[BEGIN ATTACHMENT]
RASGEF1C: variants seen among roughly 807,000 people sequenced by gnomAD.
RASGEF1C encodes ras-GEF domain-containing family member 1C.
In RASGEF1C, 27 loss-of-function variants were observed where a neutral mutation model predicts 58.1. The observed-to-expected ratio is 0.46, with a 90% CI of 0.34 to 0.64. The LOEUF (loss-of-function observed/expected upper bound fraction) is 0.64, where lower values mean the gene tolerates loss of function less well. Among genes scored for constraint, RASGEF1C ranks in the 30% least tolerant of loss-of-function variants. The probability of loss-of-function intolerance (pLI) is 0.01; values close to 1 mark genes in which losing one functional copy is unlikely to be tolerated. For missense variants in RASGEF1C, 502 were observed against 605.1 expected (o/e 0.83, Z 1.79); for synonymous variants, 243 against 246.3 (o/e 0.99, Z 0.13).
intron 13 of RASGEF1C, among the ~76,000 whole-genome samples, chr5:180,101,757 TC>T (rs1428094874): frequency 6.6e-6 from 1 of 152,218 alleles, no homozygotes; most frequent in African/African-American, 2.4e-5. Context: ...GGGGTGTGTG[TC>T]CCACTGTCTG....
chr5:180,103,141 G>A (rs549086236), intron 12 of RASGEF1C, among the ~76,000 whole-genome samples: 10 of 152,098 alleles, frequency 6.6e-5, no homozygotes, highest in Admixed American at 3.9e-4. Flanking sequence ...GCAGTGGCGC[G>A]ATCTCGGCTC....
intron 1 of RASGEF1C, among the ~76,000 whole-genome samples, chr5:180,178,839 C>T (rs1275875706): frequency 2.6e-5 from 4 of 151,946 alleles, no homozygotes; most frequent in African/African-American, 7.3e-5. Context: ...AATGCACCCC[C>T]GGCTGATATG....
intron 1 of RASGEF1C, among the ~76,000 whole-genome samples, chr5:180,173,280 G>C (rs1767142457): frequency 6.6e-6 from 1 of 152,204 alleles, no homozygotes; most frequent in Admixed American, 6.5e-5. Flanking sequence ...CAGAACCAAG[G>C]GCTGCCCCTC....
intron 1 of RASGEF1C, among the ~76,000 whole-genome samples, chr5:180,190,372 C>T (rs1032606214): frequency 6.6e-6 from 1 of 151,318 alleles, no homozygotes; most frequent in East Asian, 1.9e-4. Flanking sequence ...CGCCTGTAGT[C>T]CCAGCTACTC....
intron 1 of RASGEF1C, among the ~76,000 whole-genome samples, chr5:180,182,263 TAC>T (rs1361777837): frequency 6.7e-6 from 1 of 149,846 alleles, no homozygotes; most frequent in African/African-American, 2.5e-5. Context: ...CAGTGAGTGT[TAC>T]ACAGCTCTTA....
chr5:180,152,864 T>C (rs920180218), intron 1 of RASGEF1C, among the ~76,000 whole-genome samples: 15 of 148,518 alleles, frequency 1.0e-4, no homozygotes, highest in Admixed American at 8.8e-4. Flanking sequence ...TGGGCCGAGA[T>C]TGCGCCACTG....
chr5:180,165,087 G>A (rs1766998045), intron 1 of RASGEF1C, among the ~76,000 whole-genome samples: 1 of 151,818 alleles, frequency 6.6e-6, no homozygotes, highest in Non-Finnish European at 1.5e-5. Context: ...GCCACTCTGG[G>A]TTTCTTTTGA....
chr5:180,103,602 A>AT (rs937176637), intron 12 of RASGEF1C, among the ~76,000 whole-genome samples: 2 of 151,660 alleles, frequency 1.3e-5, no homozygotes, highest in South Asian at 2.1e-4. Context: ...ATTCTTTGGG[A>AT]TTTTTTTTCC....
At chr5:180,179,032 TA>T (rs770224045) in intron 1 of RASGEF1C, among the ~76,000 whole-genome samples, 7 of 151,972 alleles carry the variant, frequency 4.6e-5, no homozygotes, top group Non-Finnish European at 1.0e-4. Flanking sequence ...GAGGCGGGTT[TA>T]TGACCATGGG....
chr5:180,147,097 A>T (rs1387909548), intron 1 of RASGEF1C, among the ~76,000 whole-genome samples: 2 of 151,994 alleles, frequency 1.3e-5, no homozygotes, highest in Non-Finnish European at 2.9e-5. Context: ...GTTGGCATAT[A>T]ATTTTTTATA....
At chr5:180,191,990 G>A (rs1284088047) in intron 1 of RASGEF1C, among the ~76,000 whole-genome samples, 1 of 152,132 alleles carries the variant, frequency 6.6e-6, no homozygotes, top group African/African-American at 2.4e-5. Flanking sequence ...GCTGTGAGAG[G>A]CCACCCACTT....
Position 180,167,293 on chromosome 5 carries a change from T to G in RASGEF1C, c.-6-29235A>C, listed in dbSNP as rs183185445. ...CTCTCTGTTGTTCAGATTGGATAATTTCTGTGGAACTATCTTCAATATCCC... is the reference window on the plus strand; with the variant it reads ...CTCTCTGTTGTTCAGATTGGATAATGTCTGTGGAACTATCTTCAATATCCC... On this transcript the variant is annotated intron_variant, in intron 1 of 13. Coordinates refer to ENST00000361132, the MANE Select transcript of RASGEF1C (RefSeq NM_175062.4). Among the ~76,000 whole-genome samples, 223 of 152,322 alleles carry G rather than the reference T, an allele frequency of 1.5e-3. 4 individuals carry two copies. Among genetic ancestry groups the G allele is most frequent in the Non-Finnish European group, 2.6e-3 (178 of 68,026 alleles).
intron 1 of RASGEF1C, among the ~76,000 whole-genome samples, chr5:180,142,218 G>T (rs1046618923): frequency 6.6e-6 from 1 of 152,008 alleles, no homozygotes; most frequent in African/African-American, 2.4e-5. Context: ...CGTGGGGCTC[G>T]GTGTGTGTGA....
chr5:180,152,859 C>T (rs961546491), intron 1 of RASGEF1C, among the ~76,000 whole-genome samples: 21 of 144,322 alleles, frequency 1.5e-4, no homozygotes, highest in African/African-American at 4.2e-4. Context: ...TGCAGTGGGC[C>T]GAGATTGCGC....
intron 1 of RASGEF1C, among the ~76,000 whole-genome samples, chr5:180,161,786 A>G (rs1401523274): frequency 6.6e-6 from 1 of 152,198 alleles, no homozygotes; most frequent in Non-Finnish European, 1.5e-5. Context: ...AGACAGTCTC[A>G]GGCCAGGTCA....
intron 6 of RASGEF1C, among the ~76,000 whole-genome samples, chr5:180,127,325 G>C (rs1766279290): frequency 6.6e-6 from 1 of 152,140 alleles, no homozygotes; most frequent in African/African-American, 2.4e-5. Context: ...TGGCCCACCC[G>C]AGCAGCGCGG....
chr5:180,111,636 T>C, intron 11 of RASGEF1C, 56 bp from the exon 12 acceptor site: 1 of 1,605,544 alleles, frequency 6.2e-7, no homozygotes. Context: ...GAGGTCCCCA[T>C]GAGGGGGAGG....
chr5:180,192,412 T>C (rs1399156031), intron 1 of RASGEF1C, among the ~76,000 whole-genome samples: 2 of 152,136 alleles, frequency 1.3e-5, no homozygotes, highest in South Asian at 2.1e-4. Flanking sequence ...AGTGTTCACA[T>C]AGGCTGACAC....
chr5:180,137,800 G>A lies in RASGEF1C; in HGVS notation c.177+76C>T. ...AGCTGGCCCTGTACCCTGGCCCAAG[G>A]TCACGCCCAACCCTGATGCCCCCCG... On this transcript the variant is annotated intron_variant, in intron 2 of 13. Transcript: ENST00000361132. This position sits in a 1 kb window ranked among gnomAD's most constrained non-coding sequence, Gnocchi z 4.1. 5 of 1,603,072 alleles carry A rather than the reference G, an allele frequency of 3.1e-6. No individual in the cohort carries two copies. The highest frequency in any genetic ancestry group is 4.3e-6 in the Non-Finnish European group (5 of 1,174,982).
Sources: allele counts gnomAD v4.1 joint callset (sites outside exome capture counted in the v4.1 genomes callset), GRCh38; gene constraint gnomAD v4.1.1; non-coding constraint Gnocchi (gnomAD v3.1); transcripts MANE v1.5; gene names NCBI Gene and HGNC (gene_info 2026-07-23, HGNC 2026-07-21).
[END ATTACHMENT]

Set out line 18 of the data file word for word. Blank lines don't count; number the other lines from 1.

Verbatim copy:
chr5:180,152,859 C>T (rs961546491), intron 1 of RASGEF1C, among the ~76,000 whole-genome samples: 21 of 144,322 alleles, frequency 1.5e-4, no homozygotes, highest in African/African-American at 4.2e-4. Context: ...TGCAGTGGGC[C>T]GAGATTGCGC....